The widespread discrimination against ethnic minorities in the US and the crimes committed by the US in the Middle East and other regions that seriously violated the sovereignty and human rights of other countries not only expose the hypocrisy of US discourses, but also constitute an irony on the role of the US as the world’s sole “human rights policeman.” Ultimately, the US-style human rights exist in a paradoxical way: there is a deviation between the US’ human rights discourse and human rights practice.
 
The US does not miss any chance to make the most of what it regards as “stains” on the human rights record of other countries, taking them as excuses to lecture them. By doing so, it is trying to weaponise human rights to satisfy its impromptu political needs today. The US paints a grim picture in countries like India, China and other countries.

In the case of China, the US government flags human rights excesses in Xinjiang, Tibet and Hong Kong. Even mainstream US publications such as the New York Times have regularly published reports depicting mishandling of dissidents and other ethnic groups in various parts of China. North Korea, an ally of China, attracts more sinister coverage.

Another punching bag for the US is Iran which is projected as the most devilish state in the Middle East. Interestingly, Saudi Arabia and other Gulf monarchies are slowly slipping out of the US “hate list” despite marginal improvement in their governance record.
 
*Mirror to US*
Myriad agencies monitor the state of freedom of religion within the United States. They regularly report on violations of religious freedom and human rights.  Even the United Nations Human Rights Committee monitors violation of religious freedom, racial profiling by law enforcement officials, hate crimes against minority communities, such as African Americans, Indigenous People, Hispanic and Asian people, and Muslims. The UN Committee is actually concerned that there is underreporting of hate crimes by law enforcement agencies to the Federal Bureau of Investigation.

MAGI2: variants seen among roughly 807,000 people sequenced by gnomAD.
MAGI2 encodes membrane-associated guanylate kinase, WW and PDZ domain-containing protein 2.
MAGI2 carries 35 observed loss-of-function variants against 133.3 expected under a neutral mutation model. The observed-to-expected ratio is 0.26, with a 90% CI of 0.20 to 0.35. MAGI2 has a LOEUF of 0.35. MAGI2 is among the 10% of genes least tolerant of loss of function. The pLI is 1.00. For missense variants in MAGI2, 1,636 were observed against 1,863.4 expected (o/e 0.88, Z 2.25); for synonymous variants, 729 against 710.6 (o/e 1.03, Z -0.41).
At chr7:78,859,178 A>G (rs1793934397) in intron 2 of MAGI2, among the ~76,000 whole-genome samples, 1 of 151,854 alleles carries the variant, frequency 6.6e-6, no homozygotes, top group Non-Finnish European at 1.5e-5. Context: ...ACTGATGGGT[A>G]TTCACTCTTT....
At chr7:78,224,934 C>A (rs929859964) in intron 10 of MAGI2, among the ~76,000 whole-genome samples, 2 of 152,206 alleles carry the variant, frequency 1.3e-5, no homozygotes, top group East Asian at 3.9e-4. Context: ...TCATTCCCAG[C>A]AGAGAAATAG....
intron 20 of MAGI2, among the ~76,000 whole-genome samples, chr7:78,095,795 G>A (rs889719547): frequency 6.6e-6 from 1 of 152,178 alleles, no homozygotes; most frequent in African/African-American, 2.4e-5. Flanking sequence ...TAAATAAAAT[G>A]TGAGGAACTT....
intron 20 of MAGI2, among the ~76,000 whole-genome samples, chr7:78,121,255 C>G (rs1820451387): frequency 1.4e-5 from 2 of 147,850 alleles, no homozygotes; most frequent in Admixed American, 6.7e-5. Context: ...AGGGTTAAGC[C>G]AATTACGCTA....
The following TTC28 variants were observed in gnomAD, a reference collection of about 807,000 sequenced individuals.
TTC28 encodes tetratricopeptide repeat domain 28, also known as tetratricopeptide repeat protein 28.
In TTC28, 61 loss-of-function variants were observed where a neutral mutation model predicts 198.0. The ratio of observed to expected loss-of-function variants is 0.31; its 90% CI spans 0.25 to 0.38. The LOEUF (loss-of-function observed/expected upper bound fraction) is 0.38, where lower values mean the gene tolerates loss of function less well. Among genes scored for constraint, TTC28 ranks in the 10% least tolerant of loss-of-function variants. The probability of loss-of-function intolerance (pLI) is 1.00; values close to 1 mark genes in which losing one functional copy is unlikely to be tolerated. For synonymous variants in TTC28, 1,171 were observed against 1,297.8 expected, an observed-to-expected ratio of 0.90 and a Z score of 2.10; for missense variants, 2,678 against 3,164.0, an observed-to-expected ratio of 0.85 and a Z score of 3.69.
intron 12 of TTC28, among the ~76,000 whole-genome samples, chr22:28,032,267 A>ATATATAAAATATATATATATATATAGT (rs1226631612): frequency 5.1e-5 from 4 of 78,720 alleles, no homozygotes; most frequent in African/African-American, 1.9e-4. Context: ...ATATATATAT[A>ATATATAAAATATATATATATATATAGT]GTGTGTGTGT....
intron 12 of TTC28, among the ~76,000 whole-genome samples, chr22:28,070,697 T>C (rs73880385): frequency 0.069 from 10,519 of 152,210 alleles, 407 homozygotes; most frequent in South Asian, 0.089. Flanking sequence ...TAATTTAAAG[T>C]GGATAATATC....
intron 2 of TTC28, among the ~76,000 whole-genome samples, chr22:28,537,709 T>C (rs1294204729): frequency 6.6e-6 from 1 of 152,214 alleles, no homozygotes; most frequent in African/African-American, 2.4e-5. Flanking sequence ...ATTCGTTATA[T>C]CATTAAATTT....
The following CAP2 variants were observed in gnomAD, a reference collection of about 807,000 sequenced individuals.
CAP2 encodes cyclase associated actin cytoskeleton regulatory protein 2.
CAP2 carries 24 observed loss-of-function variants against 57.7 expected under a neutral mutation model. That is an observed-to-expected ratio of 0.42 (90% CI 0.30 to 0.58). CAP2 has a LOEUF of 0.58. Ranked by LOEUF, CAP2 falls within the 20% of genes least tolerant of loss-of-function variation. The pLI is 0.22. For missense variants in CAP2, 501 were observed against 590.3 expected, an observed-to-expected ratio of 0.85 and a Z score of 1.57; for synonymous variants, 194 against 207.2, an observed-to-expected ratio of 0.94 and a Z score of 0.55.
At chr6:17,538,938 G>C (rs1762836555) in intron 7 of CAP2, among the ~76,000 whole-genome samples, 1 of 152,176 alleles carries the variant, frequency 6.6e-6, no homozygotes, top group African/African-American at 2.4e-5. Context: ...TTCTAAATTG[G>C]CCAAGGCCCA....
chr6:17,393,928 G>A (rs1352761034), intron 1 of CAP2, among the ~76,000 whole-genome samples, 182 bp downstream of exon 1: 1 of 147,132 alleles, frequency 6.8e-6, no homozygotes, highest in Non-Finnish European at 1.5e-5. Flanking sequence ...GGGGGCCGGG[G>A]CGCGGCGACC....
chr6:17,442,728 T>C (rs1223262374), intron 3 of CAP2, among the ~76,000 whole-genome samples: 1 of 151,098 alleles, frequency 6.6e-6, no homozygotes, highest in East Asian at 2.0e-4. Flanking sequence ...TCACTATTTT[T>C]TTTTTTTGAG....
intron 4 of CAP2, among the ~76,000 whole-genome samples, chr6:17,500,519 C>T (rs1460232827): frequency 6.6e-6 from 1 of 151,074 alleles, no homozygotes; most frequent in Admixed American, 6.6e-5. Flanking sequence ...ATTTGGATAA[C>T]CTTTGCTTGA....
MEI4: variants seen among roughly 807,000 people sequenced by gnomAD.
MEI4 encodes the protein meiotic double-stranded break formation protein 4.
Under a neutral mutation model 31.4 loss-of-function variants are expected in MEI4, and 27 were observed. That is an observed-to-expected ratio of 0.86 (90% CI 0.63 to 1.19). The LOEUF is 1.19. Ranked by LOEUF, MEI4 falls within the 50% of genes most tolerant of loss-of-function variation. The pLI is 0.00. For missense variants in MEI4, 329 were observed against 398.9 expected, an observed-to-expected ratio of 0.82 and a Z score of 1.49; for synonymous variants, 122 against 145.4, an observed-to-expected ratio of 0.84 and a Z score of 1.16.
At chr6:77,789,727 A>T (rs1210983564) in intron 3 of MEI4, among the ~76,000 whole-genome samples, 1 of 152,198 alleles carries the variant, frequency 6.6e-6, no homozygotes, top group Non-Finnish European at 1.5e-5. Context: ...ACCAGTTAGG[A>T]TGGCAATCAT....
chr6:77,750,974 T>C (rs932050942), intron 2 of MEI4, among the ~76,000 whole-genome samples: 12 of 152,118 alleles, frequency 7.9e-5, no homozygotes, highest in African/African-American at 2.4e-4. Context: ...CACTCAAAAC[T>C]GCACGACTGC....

Likewise, the Council of American-Islamic Relations receives hundreds of reports every year about incidents involving discrimination against Muslim population from across the United States. Last year, the National Association for Advancement of Coloured People protested against “aggressive attempts to erase Black history and to restrict diversity, equity and inclusion programs in Florida schools.”
It is also important to note that hate crimes in the US substantially include religion as well, although large categories remain race and ethnicity. This can be gleaned from the report of the US Justice Department, which said that in 2022, more than 17% cases of hate crimes were linked to religion. There are thousands of registered cases of hate crimes against Muslims, Sikhs, Hindus and Buddhists in the US.
Such discriminations involving religious communities, including Black Christians and Muslims and other racial groups are rampant in European countries that are strategic allies and economic partners of the US.

Before acting as a religious policeman for other countries, mostly from the Global South, the US agencies, particularly USCIRF, should be aware of what is going on within the US. Instead of urging other countries to review religious freedom, the US should spend the time doing so itself, given its own shameful human rights record, both at home and overseas.

*(The Author is Chairman of All India Tanzeem Ulema E Islam)*